Business, Economics and Jobs

News Corp could be split up, Wall Street Journal reports


A policeman walked through the security gates at News of the World's plant in London. On July 7, 2011, chief executive James Murdoch announced the newspaper will close.


Peter Macdiarmid

News Corp. could be split into two separate companies, one for publishing and another for entertainment, the Wall Street Journal reported today.

According to the WSJ, itself a News Corp. publication, the spin-off would result in a large film and television business comprising 20th Century Fox film studio, Fox broadcast network and Fox News channel, and a much smaller publishing business made up of its British, US and Australian newspapers, the HarperCollins book publishers and education assets.

Founder Rupert Murdoch and his family would remain in control of both. 

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News Corp. declined the BBC's request for a comment – but, given that previous speculation about a split has always been promptly denied, the BBC's business editor Robert Peston described the silence as a "non-denial confirmation."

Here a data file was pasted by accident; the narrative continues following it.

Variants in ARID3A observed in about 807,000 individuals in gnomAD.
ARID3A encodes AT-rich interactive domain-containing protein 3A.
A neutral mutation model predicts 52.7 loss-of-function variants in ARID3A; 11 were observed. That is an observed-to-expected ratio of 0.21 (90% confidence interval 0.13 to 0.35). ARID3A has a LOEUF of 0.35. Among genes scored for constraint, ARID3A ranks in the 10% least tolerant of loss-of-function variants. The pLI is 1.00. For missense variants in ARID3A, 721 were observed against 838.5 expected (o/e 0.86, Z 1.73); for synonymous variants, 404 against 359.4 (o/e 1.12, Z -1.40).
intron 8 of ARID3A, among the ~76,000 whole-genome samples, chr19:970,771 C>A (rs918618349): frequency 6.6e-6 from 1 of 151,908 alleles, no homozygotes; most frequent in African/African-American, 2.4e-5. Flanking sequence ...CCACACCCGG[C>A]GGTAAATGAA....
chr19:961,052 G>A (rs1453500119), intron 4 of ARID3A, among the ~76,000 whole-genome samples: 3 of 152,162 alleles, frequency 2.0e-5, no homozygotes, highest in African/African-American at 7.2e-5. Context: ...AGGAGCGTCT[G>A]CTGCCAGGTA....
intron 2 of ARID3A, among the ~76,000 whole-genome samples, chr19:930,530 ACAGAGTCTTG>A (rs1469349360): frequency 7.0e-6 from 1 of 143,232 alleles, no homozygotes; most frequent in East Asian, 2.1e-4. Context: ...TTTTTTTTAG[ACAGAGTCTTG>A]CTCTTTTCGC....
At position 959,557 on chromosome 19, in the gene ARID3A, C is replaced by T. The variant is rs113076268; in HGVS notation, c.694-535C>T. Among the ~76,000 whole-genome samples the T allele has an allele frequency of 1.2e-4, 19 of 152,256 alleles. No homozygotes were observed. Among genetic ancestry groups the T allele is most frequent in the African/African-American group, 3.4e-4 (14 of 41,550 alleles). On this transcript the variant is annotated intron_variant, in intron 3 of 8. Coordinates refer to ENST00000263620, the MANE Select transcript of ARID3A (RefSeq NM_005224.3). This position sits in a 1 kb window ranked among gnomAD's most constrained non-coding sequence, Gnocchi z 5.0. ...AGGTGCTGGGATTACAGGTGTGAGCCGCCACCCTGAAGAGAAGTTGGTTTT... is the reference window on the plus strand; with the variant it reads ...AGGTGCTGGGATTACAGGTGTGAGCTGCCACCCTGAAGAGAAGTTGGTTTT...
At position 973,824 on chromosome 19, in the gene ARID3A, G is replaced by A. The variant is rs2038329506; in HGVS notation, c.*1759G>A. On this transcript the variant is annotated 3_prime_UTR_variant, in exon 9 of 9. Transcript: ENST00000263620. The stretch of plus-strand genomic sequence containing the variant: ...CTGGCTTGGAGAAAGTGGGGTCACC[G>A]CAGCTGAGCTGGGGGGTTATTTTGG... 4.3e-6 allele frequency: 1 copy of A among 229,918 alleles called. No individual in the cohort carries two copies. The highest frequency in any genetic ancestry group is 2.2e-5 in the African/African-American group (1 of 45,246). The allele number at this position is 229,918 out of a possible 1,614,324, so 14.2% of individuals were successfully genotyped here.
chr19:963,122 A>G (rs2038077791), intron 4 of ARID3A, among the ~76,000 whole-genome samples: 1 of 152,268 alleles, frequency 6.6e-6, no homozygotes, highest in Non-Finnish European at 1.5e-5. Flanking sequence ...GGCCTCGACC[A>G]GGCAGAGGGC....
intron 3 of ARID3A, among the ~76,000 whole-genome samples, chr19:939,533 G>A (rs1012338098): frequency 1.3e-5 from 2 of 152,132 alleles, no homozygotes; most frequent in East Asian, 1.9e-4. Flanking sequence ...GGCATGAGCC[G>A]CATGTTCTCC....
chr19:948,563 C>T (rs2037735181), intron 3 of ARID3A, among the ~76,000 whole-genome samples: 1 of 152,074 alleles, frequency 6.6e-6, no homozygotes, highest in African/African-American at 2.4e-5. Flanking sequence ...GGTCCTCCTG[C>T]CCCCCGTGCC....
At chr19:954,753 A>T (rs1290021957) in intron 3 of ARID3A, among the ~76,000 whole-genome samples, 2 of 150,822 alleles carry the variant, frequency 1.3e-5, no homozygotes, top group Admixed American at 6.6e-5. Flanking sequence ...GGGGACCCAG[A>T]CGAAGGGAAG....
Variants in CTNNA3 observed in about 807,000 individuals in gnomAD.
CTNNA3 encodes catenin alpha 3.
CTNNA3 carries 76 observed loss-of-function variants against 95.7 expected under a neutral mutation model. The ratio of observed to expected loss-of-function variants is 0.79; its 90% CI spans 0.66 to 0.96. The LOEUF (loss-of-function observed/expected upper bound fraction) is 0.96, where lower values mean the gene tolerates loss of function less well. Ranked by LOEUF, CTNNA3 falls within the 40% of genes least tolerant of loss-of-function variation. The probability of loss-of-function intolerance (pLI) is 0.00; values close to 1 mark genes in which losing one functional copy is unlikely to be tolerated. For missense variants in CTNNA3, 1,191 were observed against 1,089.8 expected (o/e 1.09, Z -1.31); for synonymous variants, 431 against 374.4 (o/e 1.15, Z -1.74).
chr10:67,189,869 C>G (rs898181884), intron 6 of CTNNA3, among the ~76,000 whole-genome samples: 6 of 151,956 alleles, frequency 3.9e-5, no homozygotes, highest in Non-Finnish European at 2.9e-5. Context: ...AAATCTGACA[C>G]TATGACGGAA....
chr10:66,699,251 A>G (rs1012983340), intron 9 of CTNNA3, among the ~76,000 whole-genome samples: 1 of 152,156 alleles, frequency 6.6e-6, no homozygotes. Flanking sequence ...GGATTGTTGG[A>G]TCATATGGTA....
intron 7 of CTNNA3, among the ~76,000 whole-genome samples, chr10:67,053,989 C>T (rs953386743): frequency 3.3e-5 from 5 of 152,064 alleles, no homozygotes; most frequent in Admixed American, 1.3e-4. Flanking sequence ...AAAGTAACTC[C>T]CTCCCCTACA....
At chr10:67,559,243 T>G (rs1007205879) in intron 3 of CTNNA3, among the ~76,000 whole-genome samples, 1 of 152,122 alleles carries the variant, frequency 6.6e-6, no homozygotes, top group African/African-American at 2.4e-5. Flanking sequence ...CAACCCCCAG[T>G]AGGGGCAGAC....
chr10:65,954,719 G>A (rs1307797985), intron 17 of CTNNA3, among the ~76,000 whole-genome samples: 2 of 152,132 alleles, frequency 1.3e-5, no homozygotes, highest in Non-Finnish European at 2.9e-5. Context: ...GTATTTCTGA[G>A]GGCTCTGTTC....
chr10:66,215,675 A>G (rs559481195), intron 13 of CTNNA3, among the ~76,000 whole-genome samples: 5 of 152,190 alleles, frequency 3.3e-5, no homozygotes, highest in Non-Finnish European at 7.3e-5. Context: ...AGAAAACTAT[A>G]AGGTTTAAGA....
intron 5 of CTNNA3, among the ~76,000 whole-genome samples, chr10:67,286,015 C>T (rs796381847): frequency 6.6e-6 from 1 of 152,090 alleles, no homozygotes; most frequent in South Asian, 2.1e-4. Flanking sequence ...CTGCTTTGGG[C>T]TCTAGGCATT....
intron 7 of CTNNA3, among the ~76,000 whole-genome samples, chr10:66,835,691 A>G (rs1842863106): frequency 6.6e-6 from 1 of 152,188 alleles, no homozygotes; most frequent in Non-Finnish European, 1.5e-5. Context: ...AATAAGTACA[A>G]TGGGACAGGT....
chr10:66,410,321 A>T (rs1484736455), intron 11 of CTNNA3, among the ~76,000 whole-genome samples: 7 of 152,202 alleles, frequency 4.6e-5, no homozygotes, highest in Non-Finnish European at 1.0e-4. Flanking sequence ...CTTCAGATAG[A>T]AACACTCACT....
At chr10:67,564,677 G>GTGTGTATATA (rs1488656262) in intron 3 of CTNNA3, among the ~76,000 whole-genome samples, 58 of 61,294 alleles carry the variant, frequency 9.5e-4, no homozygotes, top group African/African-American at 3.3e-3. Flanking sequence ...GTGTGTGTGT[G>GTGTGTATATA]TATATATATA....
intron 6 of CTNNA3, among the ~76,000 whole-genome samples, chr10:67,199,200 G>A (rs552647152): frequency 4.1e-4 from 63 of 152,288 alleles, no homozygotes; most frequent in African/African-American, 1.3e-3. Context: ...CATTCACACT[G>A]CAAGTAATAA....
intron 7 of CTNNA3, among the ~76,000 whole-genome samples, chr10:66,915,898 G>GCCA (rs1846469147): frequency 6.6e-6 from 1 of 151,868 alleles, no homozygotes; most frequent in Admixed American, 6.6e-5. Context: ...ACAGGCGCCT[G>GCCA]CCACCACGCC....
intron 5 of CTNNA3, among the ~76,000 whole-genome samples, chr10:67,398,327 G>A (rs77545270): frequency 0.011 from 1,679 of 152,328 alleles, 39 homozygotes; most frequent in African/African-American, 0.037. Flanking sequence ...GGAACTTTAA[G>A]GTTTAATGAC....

Murdoch has only recently "warmed to the idea," according to the Journal's sources.

Restructuring would have the advantage of buffering News Corp.'s wider operations from the recent phone-hacking scandal at its British newspaper division. 

The allegations of misconduct have already prompted the UK's media regulator to review whether British satellite broadcaster BSkyB, of which News Corp. owns 39 percent, should be allowed to hold a broadcasting licence. Their decision is still pending; British lawmakers, however, have already described Murdoch as "not a fit person" to run a major international company.

A split would also make financial sense. According to the New York Times, outside investors have been pushing News Corp. to focus on its lucrative entertainment assets rather than its publishing business, which was the company's original core but today generates roughly a third of the profits that its film and TV businesses produce.

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